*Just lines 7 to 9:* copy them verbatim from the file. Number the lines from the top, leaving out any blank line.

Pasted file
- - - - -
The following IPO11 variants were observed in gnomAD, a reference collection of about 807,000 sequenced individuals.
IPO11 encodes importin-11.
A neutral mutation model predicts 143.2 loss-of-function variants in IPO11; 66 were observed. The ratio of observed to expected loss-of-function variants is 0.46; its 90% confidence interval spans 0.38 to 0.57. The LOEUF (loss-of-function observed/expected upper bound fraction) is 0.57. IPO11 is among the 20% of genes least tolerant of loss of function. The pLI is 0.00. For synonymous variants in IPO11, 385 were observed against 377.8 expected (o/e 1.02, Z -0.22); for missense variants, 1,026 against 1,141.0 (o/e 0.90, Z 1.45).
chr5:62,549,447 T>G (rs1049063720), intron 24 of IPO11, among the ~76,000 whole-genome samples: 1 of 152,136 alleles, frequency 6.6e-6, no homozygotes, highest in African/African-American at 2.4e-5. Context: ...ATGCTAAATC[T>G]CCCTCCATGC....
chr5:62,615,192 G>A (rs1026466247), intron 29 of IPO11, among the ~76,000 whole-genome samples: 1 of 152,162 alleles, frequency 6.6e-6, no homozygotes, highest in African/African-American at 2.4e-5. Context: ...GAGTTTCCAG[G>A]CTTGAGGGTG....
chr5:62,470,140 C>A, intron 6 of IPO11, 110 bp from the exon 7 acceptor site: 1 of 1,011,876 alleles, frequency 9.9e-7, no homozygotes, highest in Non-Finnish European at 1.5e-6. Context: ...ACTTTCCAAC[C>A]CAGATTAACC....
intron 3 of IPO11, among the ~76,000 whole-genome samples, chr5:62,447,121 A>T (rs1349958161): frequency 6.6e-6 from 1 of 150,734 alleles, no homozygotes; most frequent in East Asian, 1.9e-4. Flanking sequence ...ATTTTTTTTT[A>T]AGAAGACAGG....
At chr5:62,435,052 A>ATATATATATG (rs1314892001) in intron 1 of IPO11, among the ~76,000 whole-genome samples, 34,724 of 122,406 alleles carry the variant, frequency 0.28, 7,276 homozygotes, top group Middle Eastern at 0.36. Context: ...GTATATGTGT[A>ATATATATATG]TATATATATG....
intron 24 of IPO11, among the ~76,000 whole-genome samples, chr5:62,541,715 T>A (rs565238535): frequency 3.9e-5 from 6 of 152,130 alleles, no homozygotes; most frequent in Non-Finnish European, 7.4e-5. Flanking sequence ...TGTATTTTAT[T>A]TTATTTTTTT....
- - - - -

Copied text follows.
intron 3 of IPO11, among the ~76,000 whole-genome samples, chr5:62,447,121 A>T (rs1349958161): frequency 6.6e-6 from 1 of 150,734 alleles, no homozygotes; most frequent in East Asian, 1.9e-4. Flanking sequence ...ATTTTTTTTT[A>T]AGAAGACAGG....
At chr5:62,435,052 A>ATATATATATG (rs1314892001) in intron 1 of IPO11, among the ~76,000 whole-genome samples, 34,724 of 122,406 alleles carry the variant, frequency 0.28, 7,276 homozygotes, top group Middle Eastern at 0.36. Context: ...GTATATGTGT[A>ATATATATATG]TATATATATG....
intron 24 of IPO11, among the ~76,000 whole-genome samples, chr5:62,541,715 T>A (rs565238535): frequency 3.9e-5 from 6 of 152,130 alleles, no homozygotes; most frequent in Non-Finnish European, 7.4e-5. Flanking sequence ...TGTATTTTAT[T>A]TTATTTTTTT....